Column: Racists are rejoicing
WASHINGTON -- How to account for President Trump's new thing for Old Hickory?
Trump flew to Nashville on Wednesday afternoon and visited the tomb of Andrew Jackson, the first of Trump's predecessors he chose to so honor, in celebration of Jackson's 250th birthday. He placed a wreath, pronounced himself a "big fan," asserted that he had much in common with Jackson and sent a thank-you tweet to a man who died 160 years before Twitter.
This followed Trump's decision in January to move a portrait of Jackson into the Oval Office, his position during the campaign against replacing Jackson on the $20 bill in favor of Harriet Tubman, and frequent attempts by top Trump strategist Steve Bannon to liken Trump to Jackson.
Most Americans probably don't much care about the homage to the Hero of New Orleans and populist father of the Democratic Party. But one group sees the Jackson worship as an important sign from the president -- the same people Rep. Steve King, R-Iowa, has been speaking to lately when he talks about "somebody else's babies." By accident or by design, Trump is delighting the white nationalists.
The Daily Stormer, a neo-Nazi website, applauded as "fitting" Trump's honoring of this "white supremacist extremist," as it calls Jackson. The group created a poster for supporters to display featuring a portrait of Jackson underneath a reference to a quote from Bannon: "Like Andrew Jackson's populism, we're going to build an entirely new political movement." Beneath the Jackson portrait the poster says, with adorning swastikas, "The new face of the Republican Party: DailyStormer.com."
Jackson belongs to all America, both the good (his common touch) and bad (his "Indian killer" nickname and the Trail of Tears), and several presidents visited his tomb before. But white nationalists are attempting to appropriate Jackson the way the tea party commandeered the "Don't Tread on Me" flag, and they see Trump encouraging them. "The fact that he put up a portrait of Andrew Jackson in the Oval Office should've sent a huge signal," white nationalist James Edwards said on his radio show, "Political Cesspool."
There's political reason for Trump to send such signals. The number of white nationalists and overt racists is small, but feelings of racial resentment strongly predict support for Trump. A new analysis this week underscores the relationship.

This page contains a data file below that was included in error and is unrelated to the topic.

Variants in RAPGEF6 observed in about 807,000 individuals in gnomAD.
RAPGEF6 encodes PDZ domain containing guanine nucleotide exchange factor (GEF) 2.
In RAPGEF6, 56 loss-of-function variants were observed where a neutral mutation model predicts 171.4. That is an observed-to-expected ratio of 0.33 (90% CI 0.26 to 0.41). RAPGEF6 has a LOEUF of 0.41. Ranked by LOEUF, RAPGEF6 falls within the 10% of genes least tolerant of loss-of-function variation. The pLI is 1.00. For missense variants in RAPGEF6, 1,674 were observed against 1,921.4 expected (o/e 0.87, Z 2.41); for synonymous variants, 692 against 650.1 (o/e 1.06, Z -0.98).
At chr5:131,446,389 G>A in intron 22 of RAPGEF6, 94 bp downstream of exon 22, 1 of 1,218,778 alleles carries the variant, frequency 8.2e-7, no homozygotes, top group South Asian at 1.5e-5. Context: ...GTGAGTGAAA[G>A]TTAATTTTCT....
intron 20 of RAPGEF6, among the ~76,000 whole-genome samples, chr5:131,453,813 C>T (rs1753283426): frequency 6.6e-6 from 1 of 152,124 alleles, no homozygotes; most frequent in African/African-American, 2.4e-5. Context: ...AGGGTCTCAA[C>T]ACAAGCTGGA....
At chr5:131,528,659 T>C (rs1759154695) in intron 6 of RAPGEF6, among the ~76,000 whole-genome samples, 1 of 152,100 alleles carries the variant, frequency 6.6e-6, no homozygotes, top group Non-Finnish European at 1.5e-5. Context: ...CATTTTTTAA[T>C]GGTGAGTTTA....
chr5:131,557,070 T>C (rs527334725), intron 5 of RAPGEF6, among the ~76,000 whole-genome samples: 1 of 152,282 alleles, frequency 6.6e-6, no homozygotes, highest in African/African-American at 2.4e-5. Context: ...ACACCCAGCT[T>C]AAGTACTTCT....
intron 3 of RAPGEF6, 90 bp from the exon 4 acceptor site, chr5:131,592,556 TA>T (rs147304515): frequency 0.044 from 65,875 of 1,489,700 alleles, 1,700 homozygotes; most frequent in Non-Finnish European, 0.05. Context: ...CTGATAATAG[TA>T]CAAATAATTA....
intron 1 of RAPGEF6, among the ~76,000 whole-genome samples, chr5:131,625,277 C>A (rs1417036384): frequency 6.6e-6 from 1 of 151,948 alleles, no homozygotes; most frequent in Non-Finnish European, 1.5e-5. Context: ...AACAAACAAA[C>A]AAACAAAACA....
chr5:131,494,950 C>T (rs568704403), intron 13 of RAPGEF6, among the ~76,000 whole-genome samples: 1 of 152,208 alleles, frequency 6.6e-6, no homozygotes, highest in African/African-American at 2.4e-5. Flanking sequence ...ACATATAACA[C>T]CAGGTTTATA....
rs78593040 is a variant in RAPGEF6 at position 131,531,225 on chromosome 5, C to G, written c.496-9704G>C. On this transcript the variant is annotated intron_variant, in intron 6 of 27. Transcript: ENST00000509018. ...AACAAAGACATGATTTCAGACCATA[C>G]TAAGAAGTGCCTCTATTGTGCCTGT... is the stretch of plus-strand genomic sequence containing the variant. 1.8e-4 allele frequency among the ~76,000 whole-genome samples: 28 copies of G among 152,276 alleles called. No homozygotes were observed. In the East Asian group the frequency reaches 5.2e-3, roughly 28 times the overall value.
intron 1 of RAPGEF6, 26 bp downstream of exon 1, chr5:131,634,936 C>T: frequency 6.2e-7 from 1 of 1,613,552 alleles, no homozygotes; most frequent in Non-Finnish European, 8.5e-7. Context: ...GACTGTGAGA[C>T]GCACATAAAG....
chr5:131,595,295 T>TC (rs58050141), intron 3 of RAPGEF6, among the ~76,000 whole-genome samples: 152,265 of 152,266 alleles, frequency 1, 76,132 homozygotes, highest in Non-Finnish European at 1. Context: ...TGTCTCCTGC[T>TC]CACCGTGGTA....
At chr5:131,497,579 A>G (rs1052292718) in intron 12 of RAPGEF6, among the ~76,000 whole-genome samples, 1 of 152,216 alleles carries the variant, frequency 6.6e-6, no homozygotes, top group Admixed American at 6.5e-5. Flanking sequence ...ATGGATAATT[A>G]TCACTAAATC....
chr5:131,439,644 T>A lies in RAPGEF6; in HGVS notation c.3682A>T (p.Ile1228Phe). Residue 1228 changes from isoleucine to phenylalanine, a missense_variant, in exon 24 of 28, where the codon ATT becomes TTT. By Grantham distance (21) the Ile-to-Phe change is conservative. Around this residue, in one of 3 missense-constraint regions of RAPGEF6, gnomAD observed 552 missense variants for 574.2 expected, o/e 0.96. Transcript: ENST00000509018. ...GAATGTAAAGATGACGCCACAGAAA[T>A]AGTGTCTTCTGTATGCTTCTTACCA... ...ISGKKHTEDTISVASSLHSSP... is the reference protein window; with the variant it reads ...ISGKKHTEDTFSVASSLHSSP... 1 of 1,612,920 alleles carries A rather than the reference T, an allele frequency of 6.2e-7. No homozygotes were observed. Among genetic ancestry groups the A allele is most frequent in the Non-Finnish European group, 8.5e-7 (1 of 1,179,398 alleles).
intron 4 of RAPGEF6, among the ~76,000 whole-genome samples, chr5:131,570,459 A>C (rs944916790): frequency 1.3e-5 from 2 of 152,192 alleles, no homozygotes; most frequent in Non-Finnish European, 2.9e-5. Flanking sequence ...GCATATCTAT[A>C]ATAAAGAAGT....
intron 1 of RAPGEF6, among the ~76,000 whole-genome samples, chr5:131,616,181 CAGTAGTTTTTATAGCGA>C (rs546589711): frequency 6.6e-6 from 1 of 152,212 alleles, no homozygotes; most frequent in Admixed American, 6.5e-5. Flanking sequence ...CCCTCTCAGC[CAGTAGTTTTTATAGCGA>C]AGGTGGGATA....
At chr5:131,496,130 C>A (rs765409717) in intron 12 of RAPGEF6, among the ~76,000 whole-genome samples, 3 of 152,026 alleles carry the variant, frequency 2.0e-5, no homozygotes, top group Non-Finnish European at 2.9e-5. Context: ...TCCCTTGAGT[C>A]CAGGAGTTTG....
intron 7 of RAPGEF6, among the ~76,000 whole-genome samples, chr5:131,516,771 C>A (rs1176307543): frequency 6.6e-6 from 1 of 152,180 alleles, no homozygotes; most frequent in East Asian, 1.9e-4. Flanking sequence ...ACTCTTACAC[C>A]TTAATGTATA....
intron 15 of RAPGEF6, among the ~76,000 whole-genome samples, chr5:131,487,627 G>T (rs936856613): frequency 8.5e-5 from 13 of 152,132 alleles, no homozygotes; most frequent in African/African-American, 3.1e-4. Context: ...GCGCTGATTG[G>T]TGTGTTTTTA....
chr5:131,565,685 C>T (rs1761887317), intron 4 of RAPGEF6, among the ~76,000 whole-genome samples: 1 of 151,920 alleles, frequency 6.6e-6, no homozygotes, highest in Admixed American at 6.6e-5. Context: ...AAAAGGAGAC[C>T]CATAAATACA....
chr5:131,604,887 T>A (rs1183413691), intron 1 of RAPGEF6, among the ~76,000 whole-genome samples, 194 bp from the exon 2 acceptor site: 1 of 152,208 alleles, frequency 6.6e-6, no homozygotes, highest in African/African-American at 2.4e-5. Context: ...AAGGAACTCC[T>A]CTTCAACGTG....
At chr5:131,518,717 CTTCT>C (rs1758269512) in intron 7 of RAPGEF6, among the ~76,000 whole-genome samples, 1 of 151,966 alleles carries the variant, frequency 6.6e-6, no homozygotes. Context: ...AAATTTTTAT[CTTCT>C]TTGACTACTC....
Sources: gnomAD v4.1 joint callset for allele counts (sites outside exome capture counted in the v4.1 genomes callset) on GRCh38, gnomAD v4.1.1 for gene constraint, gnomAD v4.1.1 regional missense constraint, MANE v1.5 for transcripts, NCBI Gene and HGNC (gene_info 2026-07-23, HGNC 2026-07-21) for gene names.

Researchers from San Francisco State University and the liberal think tank Demos, writing in the Nation, said they did regression analyses comparing voters' presidential preferences with their reaction to being told that the United States will become a minority-majority nation. The likelihood of supporting Trump increased sharply among those with negative views of racial diversity -- but there was no similar effect seen among supporters of John McCain in 2008 or Mitt Romney in 2012.
This powerful fear of racial diversity explains why King, always a provocateur (he spoke of immigrants with "calves the size of cantaloupes" from drug-running), feels safe being more overtly racist (and why GOP leaders have been timid in response).
On Sunday, tweeting his approval of far-right Dutch politician Geert Wilders, King wrote: "We can't restore our civilization with somebody else's babies."
He defended his remarks Monday on CNN, calling Western civilization "a superior culture," and, in an Iowa radio interview, he predicted that "Hispanics and the blacks will be fighting each other" before whites lose their majority.
David Duke, the former Klan leader, celebrated King's "babies" remark. Likewise, Duke, who fought last year to keep an iconic statue of Jackson in New Orleans, has been praising Trump's actions, tweeting: "President Trump is off to an amazing start, God bless him for it!"
Richard Spencer, of the white-nationalist National Policy Institute, has praised Trump for, among other things, his choice of a white Protestant for the Supreme Court.
Spencer also posted a video Sunday defending King's "babies" remark. "If this is a signal that conservatives are moving in the right direction under Trump," Spencer said, "then I'm very happy."
A continuing source of white nationalists' happiness is Trump's fascination with Jackson, who forcibly relocated Indians from the South. "Established in the midst of another and a superior race, and without appreciating the causes of their inferiority or seeking to control them, they must necessarily yield to the force of circumstances and ere long disappear," President Jackson told Congress in 1833.
Such thinking wasn't unusual then, but today's racists are trying to claim Jackson (and Trump) as their own. "We are in serious need of some more trails of tears just about now," Andrew Anglin wrote on the Daily Stormer. "And it's look[ing] like Trump may well deliver in spades."